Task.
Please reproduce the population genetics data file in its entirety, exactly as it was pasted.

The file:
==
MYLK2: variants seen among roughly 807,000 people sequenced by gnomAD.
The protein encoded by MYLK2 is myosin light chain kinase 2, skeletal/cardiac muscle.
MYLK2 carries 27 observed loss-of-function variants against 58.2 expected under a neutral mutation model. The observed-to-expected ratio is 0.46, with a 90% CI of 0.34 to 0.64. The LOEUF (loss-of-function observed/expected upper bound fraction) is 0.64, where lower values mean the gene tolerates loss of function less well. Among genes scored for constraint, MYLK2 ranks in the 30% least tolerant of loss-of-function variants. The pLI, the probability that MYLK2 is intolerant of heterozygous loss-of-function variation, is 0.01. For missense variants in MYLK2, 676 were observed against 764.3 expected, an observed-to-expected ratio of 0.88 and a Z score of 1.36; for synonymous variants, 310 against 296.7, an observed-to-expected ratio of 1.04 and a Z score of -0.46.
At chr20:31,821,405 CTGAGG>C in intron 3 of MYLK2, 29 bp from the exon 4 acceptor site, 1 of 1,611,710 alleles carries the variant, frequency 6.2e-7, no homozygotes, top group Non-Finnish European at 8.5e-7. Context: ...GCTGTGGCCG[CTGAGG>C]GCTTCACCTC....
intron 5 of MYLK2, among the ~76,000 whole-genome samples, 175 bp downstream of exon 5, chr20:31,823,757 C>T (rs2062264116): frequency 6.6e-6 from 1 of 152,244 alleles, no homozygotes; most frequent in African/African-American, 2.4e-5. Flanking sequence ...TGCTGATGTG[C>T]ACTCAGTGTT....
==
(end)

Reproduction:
MYLK2: variants seen among roughly 807,000 people sequenced by gnomAD.
The protein encoded by MYLK2 is myosin light chain kinase 2, skeletal/cardiac muscle.
MYLK2 carries 27 observed loss-of-function variants against 58.2 expected under a neutral mutation model. The observed-to-expected ratio is 0.46, with a 90% CI of 0.34 to 0.64. The LOEUF (loss-of-function observed/expected upper bound fraction) is 0.64, where lower values mean the gene tolerates loss of function less well. Among genes scored for constraint, MYLK2 ranks in the 30% least tolerant of loss-of-function variants. The pLI, the probability that MYLK2 is intolerant of heterozygous loss-of-function variation, is 0.01. For missense variants in MYLK2, 676 were observed against 764.3 expected, an observed-to-expected ratio of 0.88 and a Z score of 1.36; for synonymous variants, 310 against 296.7, an observed-to-expected ratio of 1.04 and a Z score of -0.46.
At chr20:31,821,405 CTGAGG>C in intron 3 of MYLK2, 29 bp from the exon 4 acceptor site, 1 of 1,611,710 alleles carries the variant, frequency 6.2e-7, no homozygotes, top group Non-Finnish European at 8.5e-7. Context: ...GCTGTGGCCG[CTGAGG>C]GCTTCACCTC....
intron 5 of MYLK2, among the ~76,000 whole-genome samples, 175 bp downstream of exon 5, chr20:31,823,757 C>T (rs2062264116): frequency 6.6e-6 from 1 of 152,244 alleles, no homozygotes; most frequent in African/African-American, 2.4e-5. Flanking sequence ...TGCTGATGTG[C>T]ACTCAGTGTT....